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eBook Fighting Sail on Lake Huron and Georgian Bay: The War of 1812 and Its Aftermath download

by Barry M. Gough

eBook Fighting Sail on Lake Huron and Georgian Bay: The War of 1812 and Its Aftermath download ISBN: 1557503141
Author: Barry M. Gough
Publisher: Naval Inst Pr; 2nd prt. edition (August 1, 2002)
Language: English
Pages: 215
ePub: 1425 kb
Fb2: 1435 kb
Rating: 4.9
Other formats: lit rtf mobi lrf
Category: History
Subcategory: Americas

Canadian Barry Gough's new work makes an important and long-awaited contribution to our understanding of the struggle for domination in the Upper Great Lakes and the American heartland during the War of 1812.

Canadian Barry Gough's new work makes an important and long-awaited contribution to our understanding of the struggle for domination in the Upper Great Lakes and the American heartland during the War of 1812. A critical time for both the old northwest and the peoples who lived along the .

Fighting Sail on Lake Huron and Georgian Bay: The War of 1812 and its Aftermath. Naval Institute Press/Vanwell Publishing. ISBN 978-1-55750-314-5. Gough, Barry (2016) "Writing a Canadian High School History of the Great War: Victoria High School: Challenges, Pitfalls, and Sources," Canadian Military History 25, Issue 1, article 13; retrieved 2016-10-21. Meares Island case Moses Martin et al. v. . the Queen et al. specified in keynote intro, . Studies Conference, New Westminster, . 2–4 May 2013; retrieved 2013-05-01 Archived 2 July 2013 at the Wayback Machine here].

Canadian Barry Gough's new work makes an important and long-awaited contribution to our understanding of the struggle for domination in the Upper Great Lakes an.com User, September 12, 2003

Canadian Barry Gough's new work makes an important and long-awaited contribution to our understanding of the struggle for domination in the Upper Great Lakes an.com User, September 12, 2003. The extent of sea power on the interior Great Lakes, the ebb and flow of the fighting around and thereon, and how the struggle between the Americans and British ultimately shaped the boundaries of the USA and Canada, are dramtically captured in Barry Gough's excellent work. Fighting Sail on Lake Huron and Georgian Bay" ably presents the little-known campaign.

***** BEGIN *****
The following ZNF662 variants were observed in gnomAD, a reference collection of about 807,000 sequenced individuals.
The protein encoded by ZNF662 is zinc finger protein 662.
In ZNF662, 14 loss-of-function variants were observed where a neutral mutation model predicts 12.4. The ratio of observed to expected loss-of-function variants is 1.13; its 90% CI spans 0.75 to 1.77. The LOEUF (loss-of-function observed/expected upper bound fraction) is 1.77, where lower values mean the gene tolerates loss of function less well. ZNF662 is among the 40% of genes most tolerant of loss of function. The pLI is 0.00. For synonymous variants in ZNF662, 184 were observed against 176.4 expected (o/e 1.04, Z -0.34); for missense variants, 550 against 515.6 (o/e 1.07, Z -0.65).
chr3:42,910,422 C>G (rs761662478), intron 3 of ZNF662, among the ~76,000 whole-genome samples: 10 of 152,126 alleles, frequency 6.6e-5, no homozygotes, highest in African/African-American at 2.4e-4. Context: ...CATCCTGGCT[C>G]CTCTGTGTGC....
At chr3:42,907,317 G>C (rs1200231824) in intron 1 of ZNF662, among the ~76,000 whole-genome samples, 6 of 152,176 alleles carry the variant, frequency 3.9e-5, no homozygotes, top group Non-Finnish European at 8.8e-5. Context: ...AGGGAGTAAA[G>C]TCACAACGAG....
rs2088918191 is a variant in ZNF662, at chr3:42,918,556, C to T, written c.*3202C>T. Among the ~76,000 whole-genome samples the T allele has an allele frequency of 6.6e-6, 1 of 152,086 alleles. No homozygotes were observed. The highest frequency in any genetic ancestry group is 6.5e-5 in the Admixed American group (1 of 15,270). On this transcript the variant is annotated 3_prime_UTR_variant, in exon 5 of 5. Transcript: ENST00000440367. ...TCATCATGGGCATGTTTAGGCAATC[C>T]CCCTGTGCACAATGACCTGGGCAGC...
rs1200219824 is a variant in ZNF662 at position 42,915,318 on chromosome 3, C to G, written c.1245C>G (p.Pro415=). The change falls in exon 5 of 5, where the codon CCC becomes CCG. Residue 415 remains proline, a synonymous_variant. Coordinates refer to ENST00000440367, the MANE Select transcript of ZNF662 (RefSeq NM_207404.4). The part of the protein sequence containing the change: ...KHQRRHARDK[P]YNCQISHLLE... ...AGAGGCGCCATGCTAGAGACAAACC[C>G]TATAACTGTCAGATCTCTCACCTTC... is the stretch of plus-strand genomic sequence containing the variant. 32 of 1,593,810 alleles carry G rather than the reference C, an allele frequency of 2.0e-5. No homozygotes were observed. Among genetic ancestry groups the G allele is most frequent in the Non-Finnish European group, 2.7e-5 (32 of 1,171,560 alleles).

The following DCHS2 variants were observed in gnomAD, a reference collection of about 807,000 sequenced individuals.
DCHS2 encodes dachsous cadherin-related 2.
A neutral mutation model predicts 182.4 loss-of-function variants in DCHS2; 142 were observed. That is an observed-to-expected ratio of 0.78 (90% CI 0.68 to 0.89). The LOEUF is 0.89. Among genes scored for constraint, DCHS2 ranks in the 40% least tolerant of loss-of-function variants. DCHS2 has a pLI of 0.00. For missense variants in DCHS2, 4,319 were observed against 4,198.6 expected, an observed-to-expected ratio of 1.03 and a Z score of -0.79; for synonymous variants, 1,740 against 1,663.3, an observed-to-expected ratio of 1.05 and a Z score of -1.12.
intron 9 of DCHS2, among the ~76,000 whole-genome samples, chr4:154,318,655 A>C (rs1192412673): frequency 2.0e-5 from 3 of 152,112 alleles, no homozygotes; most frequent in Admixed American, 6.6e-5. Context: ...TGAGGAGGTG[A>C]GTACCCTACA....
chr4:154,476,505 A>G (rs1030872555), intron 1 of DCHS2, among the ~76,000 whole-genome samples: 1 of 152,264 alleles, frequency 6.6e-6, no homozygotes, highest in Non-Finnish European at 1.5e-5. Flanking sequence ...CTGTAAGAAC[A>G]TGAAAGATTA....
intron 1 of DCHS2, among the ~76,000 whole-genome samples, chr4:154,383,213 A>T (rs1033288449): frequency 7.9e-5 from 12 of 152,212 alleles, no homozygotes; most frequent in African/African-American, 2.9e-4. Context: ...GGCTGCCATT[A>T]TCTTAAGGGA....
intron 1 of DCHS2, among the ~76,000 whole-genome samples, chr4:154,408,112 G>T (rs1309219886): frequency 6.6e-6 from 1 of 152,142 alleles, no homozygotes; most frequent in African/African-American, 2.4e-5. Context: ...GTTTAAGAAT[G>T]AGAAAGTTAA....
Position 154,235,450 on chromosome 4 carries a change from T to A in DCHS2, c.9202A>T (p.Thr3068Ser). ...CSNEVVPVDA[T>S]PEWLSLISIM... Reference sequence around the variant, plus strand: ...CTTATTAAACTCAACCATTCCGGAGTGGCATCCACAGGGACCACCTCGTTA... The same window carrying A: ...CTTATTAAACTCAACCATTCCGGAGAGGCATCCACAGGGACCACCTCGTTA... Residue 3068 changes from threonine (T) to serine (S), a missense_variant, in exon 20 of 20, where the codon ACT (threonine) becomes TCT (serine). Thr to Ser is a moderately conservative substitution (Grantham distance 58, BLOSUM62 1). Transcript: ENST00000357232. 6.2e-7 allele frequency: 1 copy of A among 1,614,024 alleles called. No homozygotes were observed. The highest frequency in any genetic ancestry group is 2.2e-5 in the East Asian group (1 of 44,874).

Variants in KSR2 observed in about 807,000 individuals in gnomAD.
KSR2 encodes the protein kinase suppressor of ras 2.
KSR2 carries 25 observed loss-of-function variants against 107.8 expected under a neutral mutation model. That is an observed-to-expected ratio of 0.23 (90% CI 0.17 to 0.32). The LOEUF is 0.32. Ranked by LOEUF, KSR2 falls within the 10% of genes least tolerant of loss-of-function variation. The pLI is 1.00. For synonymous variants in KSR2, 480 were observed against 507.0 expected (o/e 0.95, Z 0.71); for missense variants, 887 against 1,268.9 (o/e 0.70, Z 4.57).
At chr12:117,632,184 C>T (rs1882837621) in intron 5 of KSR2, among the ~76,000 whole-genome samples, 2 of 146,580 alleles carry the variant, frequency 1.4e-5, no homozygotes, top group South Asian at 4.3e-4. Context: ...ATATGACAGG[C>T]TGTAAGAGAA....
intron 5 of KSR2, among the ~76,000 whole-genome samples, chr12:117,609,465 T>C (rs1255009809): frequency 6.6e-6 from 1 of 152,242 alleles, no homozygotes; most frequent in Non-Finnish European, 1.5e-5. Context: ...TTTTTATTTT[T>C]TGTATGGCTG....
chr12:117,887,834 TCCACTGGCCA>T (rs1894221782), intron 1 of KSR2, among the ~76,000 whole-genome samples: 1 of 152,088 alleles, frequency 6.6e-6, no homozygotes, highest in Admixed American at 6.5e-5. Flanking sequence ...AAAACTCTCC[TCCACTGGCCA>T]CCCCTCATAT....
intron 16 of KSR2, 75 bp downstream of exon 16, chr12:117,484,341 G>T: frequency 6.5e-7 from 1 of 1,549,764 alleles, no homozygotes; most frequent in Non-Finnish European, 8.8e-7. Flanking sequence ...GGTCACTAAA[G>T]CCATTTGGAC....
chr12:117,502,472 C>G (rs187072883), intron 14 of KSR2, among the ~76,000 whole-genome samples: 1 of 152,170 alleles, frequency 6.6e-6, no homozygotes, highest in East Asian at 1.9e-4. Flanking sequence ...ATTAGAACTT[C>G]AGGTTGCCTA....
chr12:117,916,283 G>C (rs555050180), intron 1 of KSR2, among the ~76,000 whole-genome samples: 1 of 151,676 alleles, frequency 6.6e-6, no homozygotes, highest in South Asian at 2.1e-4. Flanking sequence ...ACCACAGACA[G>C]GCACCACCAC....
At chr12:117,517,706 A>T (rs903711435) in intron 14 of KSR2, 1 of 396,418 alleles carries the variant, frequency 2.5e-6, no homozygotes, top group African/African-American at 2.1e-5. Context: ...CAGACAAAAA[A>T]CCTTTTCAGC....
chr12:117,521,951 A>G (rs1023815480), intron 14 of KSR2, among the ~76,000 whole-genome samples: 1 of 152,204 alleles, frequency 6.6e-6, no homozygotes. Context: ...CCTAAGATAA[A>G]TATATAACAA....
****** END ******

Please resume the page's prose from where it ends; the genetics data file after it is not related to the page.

The Journal of American History, (September), p. 24. Kevin Crisman.

Lake Huron, North America. Georgian Bay, Ontario, Canada. War of 1812 (18121815). Disambiguation notice.

Fighting Sail on Lake Huron and Georgian Bay: The War of 1812 and Its Aftermath -by Barry Gough -Signed Twice Gough, Barry (signed twice) Published by St Catharines, ON: Vanwell Publishing, 2002, 1st. SECRETS FROM A WAR 0F 1812 CEMETERY Death at Snake Hill Ontario. Incredible war of 1812 book by. ackay Hitsman. Windsor Region10/09/2019. Britain, Canada and the North Pacific: Maritime Enterprise and Dominion, 1778–1914. As with my previous writings on the War of 1812, this book owes much to the senior seminar in History at Wilfrid Laurier University that put period documents under the microscope, so to speak, with surprising new yields. This document collection will be found among my archives at Wilfrid Laurier University. Through Water, Ice and Fire: Schooner Nancy of the War of 1812. Dundurn Press Ltd. 2006. ISBN 978-1-55002-569-9. Case reference retrieved 2011-03-01 at here.

Canadian Barry Gough's new work makes an important and long-awaited contribution to our understanding of the struggle for domination in the Upper Great Lakes and the American heartland during the War of 1812. A critical time for both the old northwest and the peoples who lived along the U.S.-Canadian border, it was also a time when the territories that became Wisconsin and Minnesota were formed, the fur trade was established, and the Indian nations attempted to preserve both their homeland and their independence. It is a unique study in that it goes far beyond the Battle of Lake Erie, where traditional historical accounts end, adding new chapters to the history of Detroit and Michilimackinac.

This comprehensive, chronological account exposes the reader not only to the naval and territorial consequences of the era but also to the plight along the way. It is the story of shipbuilding, of the limits of sea power, and of the men and women who succeeded in traversing unknown water and land. The author details such events as Commodore Arthur Sinclair's disastrous U.S. naval expedition to Lake Huron and Georgian Bay in 1814 and describes how British forces captured unsuspecting U.S. naval schooners. Supplemented with excellent maps and illustrations, the text also provides information about hydrographic surveying and the search for useful naval bases. This book will appeal to everyone interested in the age of fighting sail, Native American history, and early American naval pursuits.